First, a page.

problems over the years and the initiatives we have undertaken to build
Indiana and to protect our country.
We are experiencing deep political divisions in our society right now.
These divisions have stalemated progress in critical areas. But these
divisions are not insurmountable. I believe that people of good will Ė
regardless of party Ė can work together for the benefit of the country.
I remain optimistic about the future of Indiana and the United States.
The news media and political leaders spend a great deal of time talking
about what is broken in our country. To some degree, that is the nature
of the business. But we should also have confidence that the unique
American experiment is alive and well. Our political system still can
We possess the resources, human talent, and entrepreneurial energy to
sustain our status as the economic envy of the world. Our culture still
is the global reference point for progress among modern societies.
People from all over the world still want to come here to study, live,
and invest. And we still enjoy unprecedented freedoms that billions of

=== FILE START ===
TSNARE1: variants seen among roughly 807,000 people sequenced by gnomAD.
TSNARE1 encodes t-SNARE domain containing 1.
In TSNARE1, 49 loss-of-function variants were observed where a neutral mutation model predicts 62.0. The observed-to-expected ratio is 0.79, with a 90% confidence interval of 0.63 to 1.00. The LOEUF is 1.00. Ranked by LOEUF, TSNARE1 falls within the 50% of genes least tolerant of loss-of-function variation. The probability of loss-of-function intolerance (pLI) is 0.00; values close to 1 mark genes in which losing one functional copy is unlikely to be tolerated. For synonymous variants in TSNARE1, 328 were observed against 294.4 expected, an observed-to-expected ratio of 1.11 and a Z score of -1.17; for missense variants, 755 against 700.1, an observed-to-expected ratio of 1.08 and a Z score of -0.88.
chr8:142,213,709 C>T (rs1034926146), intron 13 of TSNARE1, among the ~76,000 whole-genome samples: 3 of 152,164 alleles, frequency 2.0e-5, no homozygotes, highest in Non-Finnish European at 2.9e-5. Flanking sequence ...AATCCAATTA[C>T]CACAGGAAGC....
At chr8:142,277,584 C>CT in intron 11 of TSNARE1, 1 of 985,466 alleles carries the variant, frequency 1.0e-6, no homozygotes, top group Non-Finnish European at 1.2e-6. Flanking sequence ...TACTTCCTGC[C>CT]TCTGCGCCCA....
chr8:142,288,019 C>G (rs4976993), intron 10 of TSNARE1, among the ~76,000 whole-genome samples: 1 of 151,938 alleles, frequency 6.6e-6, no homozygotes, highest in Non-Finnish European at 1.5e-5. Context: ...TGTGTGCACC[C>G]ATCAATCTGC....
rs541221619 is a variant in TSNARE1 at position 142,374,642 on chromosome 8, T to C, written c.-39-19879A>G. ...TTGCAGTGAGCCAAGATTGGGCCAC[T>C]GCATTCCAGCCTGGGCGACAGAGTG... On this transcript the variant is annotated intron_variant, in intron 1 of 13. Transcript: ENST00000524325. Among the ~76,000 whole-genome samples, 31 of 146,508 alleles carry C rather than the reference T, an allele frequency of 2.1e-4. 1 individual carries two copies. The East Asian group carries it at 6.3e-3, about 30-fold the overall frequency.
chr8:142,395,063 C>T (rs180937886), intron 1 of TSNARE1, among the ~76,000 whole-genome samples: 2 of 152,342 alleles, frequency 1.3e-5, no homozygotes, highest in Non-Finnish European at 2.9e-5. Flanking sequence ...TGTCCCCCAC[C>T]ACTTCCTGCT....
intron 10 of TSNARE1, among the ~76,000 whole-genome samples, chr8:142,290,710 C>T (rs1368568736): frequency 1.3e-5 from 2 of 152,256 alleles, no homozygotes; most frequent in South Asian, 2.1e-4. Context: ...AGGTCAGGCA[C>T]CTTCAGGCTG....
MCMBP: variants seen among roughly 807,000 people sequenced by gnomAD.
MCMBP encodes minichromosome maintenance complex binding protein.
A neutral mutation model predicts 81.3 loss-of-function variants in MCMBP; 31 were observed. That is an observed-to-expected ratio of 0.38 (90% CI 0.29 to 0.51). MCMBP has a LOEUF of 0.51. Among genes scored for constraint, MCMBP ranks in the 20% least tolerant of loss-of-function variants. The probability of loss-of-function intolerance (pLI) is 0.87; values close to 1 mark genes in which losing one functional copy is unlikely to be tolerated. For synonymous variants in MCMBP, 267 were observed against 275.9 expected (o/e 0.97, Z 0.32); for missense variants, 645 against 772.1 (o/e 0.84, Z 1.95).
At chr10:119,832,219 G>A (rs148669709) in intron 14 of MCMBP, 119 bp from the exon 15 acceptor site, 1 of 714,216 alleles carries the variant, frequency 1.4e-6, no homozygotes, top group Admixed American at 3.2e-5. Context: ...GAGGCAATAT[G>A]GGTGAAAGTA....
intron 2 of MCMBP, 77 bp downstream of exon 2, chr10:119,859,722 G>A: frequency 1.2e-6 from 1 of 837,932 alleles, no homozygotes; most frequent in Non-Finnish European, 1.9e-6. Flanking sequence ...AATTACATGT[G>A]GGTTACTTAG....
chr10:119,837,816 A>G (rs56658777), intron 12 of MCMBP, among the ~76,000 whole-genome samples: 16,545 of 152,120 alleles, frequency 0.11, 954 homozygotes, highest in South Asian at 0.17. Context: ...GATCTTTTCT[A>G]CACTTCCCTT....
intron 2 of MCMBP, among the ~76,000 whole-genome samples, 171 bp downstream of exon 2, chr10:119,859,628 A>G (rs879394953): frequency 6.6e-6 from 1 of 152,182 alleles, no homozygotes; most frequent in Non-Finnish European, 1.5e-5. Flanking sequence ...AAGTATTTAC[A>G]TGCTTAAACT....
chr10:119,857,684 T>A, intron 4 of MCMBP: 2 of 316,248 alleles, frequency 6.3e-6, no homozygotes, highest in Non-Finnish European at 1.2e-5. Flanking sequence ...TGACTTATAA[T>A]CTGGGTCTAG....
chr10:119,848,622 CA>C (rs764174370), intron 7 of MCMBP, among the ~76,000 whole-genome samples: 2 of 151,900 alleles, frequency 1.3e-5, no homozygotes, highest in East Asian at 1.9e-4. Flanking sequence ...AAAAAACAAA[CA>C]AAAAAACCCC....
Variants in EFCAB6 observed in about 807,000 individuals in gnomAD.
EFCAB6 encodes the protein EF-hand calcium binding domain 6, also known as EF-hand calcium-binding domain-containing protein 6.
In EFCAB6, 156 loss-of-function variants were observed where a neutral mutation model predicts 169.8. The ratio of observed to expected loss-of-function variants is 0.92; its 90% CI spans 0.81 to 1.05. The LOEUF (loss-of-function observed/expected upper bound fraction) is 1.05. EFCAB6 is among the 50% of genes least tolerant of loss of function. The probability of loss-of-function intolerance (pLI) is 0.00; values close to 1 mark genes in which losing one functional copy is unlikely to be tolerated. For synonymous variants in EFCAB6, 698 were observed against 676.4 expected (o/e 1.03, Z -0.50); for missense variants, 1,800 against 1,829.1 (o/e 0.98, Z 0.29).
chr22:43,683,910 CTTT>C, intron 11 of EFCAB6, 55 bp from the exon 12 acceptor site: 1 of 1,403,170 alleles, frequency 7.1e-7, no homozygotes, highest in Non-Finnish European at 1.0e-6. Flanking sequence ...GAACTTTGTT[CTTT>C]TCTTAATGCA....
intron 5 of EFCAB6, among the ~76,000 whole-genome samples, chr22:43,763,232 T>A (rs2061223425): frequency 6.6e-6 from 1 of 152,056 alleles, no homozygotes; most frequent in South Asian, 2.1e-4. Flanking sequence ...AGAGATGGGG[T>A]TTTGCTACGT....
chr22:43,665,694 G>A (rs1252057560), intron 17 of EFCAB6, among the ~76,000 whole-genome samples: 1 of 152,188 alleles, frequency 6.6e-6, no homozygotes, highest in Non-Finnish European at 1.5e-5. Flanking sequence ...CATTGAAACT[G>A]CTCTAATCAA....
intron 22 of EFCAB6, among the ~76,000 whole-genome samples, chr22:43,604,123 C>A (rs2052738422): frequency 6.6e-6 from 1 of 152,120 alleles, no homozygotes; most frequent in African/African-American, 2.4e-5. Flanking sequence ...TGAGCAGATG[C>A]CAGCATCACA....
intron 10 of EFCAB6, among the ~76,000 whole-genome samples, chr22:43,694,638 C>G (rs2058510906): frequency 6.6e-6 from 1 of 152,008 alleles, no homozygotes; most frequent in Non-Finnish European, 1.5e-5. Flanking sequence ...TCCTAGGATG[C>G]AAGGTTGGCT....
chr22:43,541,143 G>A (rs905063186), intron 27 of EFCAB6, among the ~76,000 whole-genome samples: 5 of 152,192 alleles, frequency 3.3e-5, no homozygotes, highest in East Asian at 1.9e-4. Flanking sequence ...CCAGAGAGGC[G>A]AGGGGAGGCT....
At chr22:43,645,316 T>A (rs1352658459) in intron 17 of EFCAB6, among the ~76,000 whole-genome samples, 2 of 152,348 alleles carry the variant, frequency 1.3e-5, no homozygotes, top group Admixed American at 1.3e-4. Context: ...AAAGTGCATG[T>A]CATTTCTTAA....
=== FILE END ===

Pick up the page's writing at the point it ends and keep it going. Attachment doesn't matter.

people in our world can only dream about. The task before us is to come
together as Americans to sustain the American dream at home, while
protecting our security and advancing our leadership abroad.
I cherish the confidence that each of you has placed in me, and I urge
you to join me in a determination to continue to serve our country and
our state. God bless each of you and God bless America.
Prepared Statement of Senator Richard G. Lugar on the Concluded
Indiana Senate Primary
May 8, 2012
would like to comment on the Senate race just concluded and the
direction of American politics and the Republican Party. I would
reiterate from my earlier statement that I have no regrets about
choosing to run for office. My health is excellent, I believe that I
have been a very effective Senator for Hoosiers and for the country, and
I know that the next six years would have been a time of great
achievement. Further, I believed that vital national priorities,
including job creation, deficit reduction, energy security, agriculture
reform, and the Nunn-Lugar program, would benefit from my continued
service as a Senator. These goals were worth the risk of an electoral
defeat and the costs of a hard campaign.
Analysts will speculate about whether our campaign strategies were wise.
Much of this will be based on conjecture by pundits who donít fully
appreciate the choices we had to make based on resource limits, polling
data, and other factors. They also will speculate whether we were guilty